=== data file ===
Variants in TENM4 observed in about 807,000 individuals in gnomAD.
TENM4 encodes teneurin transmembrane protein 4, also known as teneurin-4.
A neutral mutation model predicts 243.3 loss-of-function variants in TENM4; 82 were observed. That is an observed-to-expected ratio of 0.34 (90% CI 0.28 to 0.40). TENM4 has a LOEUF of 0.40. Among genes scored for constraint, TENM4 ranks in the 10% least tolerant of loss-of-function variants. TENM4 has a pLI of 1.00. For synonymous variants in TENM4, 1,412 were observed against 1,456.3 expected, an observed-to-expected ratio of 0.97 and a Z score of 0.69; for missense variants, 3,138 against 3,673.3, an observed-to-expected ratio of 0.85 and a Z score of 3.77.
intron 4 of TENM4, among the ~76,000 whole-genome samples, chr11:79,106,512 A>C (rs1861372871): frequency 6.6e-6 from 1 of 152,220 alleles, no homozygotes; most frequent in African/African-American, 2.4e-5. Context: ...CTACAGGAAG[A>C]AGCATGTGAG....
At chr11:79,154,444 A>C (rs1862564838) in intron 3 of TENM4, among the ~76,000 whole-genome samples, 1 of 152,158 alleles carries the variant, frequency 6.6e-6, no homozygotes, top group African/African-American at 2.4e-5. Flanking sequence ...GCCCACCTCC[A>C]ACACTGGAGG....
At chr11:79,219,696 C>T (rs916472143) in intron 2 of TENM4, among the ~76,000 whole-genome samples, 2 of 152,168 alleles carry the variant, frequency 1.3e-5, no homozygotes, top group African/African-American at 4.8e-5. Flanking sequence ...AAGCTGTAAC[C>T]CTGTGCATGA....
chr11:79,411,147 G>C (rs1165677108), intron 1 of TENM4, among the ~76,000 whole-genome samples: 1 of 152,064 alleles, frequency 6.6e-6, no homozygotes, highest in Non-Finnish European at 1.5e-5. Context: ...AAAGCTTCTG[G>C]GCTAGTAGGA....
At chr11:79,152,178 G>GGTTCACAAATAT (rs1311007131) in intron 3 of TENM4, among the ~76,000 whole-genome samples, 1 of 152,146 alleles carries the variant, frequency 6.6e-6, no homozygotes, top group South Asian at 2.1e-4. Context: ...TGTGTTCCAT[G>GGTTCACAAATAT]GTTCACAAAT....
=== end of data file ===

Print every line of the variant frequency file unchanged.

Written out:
Variants in TENM4 observed in about 807,000 individuals in gnomAD.
TENM4 encodes teneurin transmembrane protein 4, also known as teneurin-4.
A neutral mutation model predicts 243.3 loss-of-function variants in TENM4; 82 were observed. That is an observed-to-expected ratio of 0.34 (90% CI 0.28 to 0.40). TENM4 has a LOEUF of 0.40. Among genes scored for constraint, TENM4 ranks in the 10% least tolerant of loss-of-function variants. TENM4 has a pLI of 1.00. For synonymous variants in TENM4, 1,412 were observed against 1,456.3 expected, an observed-to-expected ratio of 0.97 and a Z score of 0.69; for missense variants, 3,138 against 3,673.3, an observed-to-expected ratio of 0.85 and a Z score of 3.77.
intron 4 of TENM4, among the ~76,000 whole-genome samples, chr11:79,106,512 A>C (rs1861372871): frequency 6.6e-6 from 1 of 152,220 alleles, no homozygotes; most frequent in African/African-American, 2.4e-5. Context: ...CTACAGGAAG[A>C]AGCATGTGAG....
At chr11:79,154,444 A>C (rs1862564838) in intron 3 of TENM4, among the ~76,000 whole-genome samples, 1 of 152,158 alleles carries the variant, frequency 6.6e-6, no homozygotes, top group African/African-American at 2.4e-5. Flanking sequence ...GCCCACCTCC[A>C]ACACTGGAGG....
At chr11:79,219,696 C>T (rs916472143) in intron 2 of TENM4, among the ~76,000 whole-genome samples, 2 of 152,168 alleles carry the variant, frequency 1.3e-5, no homozygotes, top group African/African-American at 4.8e-5. Flanking sequence ...AAGCTGTAAC[C>T]CTGTGCATGA....
chr11:79,411,147 G>C (rs1165677108), intron 1 of TENM4, among the ~76,000 whole-genome samples: 1 of 152,064 alleles, frequency 6.6e-6, no homozygotes, highest in Non-Finnish European at 1.5e-5. Context: ...AAAGCTTCTG[G>C]GCTAGTAGGA....
At chr11:79,152,178 G>GGTTCACAAATAT (rs1311007131) in intron 3 of TENM4, among the ~76,000 whole-genome samples, 1 of 152,146 alleles carries the variant, frequency 6.6e-6, no homozygotes, top group South Asian at 2.1e-4. Context: ...TGTGTTCCAT[G>GGTTCACAAATAT]GTTCACAAAT....